Should Employees be Paid for Annual Leave They Choose Not to Take? | Moorepay
September 25, 2020

Should Employees be Paid for Annual Leave They Choose Not to Take?

untaken annual leave

During lockdown, many workers chose to cancel their scheduled annual leave due to a change in their travel plans. This left a large number of employees with vast amounts of accrued leave to take before the end of their holiday year.

Some employees may be under the false impression that they are entitled to carry this leave over into the next leave year. They may even expect to be paid as compensation for any leave not taken.

Keep reading to find out what actually changed when emergency legislation was passed, and what this means for your employees’ annual leave.

A Change to Legislation

In March, the government announced new emergency legislation to allow businesses the flexibility to respond to the pandemic while ensuring that employees didn’t lose their holiday entitlement.

In short, they changed the Working Time Directive to allow some employees to carry over up to four weeks’ annual leave into the next two holiday years.

However, the right to carry over only applies where it has not been reasonably practicable for the employees to take their leave.

When is it Not Reasonably Practical to Allow Leave?

The following are factors to consider when determining the practicality of allowing leave:

  • Has your business faced a significant increase in demand due to Coronavirus that requires the employee to be at work without an alternative reasonable measure being put into place?
  • Does your employee need to take a period of rest and relaxation for health reasons?
  • Can you accommodate leave within the holiday year?
  • If an employee takes leave will it impact on wider society’s response to, and recovery from, the Coronavirus situation?
  • Can the remainder of the available workforce provide cover for the worker if they take their leave?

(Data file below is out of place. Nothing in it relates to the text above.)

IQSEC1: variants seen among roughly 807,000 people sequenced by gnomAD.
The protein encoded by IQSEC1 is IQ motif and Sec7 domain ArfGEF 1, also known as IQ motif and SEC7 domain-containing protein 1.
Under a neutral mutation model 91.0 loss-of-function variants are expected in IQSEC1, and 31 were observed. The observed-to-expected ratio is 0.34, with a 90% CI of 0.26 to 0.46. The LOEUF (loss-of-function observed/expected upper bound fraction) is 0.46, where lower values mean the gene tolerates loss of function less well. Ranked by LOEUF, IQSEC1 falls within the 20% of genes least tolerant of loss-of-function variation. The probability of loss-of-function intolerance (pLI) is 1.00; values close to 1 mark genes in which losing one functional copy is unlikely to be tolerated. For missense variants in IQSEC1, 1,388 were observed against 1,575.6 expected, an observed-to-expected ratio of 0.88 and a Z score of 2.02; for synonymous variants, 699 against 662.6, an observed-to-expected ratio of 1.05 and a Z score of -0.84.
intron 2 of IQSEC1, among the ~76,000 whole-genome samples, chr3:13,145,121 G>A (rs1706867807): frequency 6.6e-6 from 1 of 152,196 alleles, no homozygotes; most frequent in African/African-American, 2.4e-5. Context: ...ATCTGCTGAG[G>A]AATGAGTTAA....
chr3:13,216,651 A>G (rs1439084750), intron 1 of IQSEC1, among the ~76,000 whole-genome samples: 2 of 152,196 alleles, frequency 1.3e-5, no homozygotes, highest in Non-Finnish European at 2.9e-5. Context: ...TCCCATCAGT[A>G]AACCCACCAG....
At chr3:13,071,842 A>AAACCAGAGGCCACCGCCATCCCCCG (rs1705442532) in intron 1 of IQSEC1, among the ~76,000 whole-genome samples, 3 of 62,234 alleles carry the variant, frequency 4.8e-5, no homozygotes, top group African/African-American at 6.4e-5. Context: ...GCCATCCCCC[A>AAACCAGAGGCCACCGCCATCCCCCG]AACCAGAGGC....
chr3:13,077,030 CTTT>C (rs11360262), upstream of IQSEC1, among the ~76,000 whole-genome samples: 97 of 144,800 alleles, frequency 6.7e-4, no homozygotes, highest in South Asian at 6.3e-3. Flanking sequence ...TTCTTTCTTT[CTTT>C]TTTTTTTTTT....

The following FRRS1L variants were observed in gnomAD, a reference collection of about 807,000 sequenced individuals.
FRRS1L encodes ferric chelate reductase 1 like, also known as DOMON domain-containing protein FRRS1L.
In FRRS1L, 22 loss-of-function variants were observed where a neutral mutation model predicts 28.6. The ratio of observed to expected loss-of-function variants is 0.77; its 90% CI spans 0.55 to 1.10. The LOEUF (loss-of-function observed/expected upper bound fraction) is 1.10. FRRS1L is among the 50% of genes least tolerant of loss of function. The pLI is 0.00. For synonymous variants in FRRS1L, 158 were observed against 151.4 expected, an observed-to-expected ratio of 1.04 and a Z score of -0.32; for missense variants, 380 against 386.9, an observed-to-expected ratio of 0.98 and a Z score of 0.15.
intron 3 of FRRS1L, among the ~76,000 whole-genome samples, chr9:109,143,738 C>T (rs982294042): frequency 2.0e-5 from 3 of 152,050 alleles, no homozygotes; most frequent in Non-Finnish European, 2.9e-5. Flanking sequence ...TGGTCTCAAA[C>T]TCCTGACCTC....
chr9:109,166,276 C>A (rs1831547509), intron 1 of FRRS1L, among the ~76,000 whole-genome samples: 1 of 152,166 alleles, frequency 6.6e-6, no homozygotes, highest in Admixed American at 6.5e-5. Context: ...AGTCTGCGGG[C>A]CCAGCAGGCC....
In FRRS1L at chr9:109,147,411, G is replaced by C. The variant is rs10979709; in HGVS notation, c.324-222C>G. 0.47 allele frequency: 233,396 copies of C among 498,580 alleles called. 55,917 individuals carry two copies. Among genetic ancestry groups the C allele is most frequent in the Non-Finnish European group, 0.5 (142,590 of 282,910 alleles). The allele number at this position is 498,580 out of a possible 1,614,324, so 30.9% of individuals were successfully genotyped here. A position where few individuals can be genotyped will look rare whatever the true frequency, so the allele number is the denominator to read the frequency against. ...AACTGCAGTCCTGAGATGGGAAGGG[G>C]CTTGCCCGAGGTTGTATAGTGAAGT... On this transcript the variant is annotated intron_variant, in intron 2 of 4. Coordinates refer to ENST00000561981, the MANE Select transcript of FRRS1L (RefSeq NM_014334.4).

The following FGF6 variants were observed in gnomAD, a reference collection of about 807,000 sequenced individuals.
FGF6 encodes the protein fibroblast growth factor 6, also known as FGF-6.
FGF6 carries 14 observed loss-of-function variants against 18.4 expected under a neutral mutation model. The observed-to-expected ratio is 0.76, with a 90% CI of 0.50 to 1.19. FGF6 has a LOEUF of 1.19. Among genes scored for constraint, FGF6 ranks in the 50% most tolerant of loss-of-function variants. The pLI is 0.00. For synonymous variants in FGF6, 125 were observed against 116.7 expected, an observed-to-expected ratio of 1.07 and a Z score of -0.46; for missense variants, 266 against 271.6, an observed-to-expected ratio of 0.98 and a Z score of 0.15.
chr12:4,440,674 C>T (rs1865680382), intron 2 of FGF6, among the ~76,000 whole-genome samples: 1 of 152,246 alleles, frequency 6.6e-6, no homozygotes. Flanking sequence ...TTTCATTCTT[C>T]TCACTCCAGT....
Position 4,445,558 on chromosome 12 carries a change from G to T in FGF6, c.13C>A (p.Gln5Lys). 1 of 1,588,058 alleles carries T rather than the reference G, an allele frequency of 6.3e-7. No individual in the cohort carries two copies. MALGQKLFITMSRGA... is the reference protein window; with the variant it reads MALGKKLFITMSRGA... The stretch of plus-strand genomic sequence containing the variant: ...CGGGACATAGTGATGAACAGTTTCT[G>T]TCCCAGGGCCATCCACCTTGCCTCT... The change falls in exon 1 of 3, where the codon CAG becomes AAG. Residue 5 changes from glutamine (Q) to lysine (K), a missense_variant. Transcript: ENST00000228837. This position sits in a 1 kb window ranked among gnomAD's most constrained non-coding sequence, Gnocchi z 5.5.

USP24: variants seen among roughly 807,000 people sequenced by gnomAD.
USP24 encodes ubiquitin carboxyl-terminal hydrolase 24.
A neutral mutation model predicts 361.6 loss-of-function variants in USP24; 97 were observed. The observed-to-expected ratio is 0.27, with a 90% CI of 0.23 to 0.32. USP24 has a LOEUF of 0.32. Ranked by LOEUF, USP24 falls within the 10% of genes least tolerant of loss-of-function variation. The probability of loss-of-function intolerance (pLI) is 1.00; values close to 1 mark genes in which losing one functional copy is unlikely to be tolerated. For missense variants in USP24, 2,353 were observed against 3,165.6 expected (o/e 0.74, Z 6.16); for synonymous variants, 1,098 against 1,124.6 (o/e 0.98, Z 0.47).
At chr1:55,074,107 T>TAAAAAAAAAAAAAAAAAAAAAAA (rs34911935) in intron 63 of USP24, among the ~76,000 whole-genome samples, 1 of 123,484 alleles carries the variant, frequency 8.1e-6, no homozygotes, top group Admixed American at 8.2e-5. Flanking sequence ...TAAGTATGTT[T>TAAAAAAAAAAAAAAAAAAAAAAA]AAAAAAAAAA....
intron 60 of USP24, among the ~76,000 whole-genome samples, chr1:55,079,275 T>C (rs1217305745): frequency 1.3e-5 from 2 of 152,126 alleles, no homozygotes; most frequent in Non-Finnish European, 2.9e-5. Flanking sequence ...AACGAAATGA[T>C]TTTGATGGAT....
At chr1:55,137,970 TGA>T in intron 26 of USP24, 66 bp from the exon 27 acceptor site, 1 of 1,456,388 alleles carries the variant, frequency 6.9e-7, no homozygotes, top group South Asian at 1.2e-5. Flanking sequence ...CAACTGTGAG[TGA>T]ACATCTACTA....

Encourage Your Employees to Take Leave

It’s important to recognise the health and wellbeing benefits of employees having time away from their workplace.

The guidance accompanying the change in legislation encourages employers to do everything reasonably practicable to ensure that the worker is able to take as much of their leave as possible in the year to which it relates, and where leave is carried forward.

It’s best practice to give workers the opportunity to take holiday at the earliest practicable opportunity.

Communicate Your Policy

Considering the above, now is the time to decide if the carry over option applies to you or not. We strongly recommend that you communicate your stance on this as soon as possible to help manage your employees’ expectations and avoid any potential disputes.

Contractual Carry-Over

How does the rule that allows carry-over for coronavirus-related reasons overlap with contractual carry-over rules?

Rules permitting limited holiday carry-over (for non-Coronavirus-related reasons) are common, particularly in workforces where there are peaks and troughs in demand that can make it very difficult for an employee to take all of the annual holiday entitlement, or where the annual leave allowance is very generous. They may appear in the employment contract or collective agreement (in which case they are binding), or holiday policy (in which case they can usually be changed by giving notice to staff).

An employer can minimise the impact of this potential overlap by doing what it can to minimise how much annual leave is carried over (e.g. by designating specific periods of time as annual leave – see below). If the carry-over rules are non-binding, the employer may wish to vary them, possibly temporarily.

Further, if the right to carry over is not automatic (e.g. if carry-over needs line manager approval) the employer may wish to issue a notice to the workforce confirming that only in exceptional circumstances will carry-over requests be granted in the current holiday year – essentially a ‘use it or lose it’ warning.

Can You Make Employees Use their Accrued Holiday?

Yes, you can. However, if you do not have a specific clause in the employment contract you will be required to give notice equivalent to at least twice the period of leave you require them to take.

Further Advice and Support

If you would like further guidance on managing annual leave in these uncertain times, or guidance on how to amend any of your polices, Moorepay customers can contact their dedicated account manager for help and support.

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About the author

Gillian Smith

Gill has over 10 years HR generalist experience within the retail and industrial service sectors.Whilst providing HR support and services at the most senior levels Gill’s experience includes mergers and acquisitions, complex TUPE transfers, organisational development, and strategic change management. Gill has experience in the policy development process from design, consulting with directors and employee representatives through to implementation and delivering training workshops on the new polices. Gill currently is an HR policy consultant who services a variety of clients.